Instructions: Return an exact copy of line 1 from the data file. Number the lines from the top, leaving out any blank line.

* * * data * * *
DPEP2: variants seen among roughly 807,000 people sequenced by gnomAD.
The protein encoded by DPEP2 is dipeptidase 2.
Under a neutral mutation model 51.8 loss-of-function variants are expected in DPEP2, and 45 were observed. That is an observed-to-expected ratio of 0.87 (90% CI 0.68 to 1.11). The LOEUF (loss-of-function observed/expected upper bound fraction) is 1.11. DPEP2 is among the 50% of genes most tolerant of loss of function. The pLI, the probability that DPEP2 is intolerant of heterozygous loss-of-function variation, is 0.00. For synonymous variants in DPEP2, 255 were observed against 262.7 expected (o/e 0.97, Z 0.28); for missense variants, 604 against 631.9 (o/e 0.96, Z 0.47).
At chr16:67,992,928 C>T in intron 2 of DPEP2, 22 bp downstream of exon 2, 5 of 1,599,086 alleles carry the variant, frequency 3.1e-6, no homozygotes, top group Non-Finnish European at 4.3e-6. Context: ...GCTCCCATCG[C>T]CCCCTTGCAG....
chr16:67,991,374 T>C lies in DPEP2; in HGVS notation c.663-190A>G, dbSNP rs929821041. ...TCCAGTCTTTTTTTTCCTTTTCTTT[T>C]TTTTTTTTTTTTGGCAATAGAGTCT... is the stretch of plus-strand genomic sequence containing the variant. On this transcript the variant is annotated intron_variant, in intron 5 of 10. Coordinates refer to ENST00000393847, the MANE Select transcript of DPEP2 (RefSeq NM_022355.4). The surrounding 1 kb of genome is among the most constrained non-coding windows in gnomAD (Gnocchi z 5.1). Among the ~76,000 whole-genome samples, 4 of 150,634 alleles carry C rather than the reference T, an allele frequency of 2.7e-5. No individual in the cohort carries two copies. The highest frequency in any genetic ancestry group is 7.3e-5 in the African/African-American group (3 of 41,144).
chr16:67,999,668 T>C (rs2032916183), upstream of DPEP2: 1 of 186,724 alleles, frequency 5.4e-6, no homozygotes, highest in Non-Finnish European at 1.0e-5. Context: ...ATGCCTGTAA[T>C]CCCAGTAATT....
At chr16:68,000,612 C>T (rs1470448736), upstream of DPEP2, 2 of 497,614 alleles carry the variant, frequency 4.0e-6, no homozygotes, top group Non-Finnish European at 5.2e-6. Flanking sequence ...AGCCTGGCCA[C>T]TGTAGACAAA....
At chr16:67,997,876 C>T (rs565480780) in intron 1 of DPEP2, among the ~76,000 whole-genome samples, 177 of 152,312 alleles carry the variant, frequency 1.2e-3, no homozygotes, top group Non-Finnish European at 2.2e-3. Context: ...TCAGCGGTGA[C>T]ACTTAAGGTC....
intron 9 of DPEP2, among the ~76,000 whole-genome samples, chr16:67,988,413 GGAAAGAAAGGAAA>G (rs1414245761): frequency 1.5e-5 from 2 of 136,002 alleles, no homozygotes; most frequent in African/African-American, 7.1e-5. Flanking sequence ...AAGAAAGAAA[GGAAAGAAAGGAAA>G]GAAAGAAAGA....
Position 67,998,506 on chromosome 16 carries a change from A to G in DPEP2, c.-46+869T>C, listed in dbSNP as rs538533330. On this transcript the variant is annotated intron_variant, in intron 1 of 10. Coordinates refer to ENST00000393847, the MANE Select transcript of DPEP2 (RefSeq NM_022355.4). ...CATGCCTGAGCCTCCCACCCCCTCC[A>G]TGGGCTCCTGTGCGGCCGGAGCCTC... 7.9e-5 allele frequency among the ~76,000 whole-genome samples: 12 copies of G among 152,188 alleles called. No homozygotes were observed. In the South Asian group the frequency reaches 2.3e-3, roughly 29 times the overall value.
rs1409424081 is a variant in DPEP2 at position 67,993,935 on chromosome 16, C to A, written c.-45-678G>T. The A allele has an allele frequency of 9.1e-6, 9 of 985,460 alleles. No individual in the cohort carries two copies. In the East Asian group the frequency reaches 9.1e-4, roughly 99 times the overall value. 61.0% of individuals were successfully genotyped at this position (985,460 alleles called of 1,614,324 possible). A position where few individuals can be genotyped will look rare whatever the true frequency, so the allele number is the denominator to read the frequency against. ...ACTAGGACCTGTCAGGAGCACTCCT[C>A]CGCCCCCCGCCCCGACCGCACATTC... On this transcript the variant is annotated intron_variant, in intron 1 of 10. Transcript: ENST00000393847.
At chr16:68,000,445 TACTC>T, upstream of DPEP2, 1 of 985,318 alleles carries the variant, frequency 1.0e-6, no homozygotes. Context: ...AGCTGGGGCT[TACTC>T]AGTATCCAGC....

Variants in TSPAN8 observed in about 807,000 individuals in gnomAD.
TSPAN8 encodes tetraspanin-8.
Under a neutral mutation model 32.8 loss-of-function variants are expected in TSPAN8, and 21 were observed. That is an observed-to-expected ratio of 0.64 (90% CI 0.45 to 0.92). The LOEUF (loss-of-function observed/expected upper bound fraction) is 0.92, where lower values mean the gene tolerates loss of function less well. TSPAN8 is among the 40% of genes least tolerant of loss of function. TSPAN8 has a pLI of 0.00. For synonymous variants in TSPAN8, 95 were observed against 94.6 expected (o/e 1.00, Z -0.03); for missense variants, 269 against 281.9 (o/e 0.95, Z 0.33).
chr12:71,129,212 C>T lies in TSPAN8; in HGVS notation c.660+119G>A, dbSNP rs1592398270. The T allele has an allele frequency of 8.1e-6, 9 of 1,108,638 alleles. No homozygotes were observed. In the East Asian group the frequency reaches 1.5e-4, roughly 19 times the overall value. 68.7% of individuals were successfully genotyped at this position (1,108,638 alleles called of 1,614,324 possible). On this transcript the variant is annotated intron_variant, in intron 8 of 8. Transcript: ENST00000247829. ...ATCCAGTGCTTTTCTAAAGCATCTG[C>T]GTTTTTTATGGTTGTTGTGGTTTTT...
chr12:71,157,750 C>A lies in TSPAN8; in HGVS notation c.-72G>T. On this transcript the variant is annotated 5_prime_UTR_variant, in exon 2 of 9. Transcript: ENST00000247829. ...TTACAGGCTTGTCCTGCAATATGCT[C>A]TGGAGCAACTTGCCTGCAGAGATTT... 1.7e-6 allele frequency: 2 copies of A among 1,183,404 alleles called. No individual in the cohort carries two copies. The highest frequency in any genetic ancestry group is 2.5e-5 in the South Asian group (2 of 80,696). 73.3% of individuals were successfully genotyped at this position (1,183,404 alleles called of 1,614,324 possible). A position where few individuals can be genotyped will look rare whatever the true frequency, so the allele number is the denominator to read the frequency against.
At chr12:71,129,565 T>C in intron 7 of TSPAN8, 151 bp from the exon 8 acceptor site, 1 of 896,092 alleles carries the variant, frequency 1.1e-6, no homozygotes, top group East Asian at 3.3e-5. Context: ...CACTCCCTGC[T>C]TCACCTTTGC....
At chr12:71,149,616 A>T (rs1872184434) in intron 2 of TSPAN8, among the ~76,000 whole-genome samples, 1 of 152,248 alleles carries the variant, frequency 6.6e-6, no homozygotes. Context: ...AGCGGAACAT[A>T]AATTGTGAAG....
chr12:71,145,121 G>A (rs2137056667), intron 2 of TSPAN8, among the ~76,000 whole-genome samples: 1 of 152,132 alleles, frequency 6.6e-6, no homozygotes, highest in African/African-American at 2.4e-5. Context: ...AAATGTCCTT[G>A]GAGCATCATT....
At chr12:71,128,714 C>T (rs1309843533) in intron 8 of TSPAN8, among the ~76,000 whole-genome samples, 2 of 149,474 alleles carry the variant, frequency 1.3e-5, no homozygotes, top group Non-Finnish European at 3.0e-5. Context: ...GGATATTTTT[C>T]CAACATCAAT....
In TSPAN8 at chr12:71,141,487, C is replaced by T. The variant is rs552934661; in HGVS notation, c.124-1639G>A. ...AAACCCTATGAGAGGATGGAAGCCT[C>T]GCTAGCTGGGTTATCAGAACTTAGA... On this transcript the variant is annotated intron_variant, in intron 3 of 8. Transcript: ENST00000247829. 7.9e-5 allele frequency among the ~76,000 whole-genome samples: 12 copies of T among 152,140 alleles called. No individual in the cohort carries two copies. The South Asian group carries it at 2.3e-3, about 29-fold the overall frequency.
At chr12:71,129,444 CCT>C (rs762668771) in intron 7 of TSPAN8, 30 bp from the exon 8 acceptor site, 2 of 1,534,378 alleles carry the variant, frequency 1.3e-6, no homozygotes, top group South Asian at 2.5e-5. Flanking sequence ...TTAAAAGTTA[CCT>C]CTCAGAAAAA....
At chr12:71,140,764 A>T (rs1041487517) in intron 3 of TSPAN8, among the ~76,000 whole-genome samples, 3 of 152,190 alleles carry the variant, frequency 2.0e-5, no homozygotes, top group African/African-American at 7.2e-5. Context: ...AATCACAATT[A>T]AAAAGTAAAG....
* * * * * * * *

DPEP2: variants seen among roughly 807,000 people sequenced by gnomAD.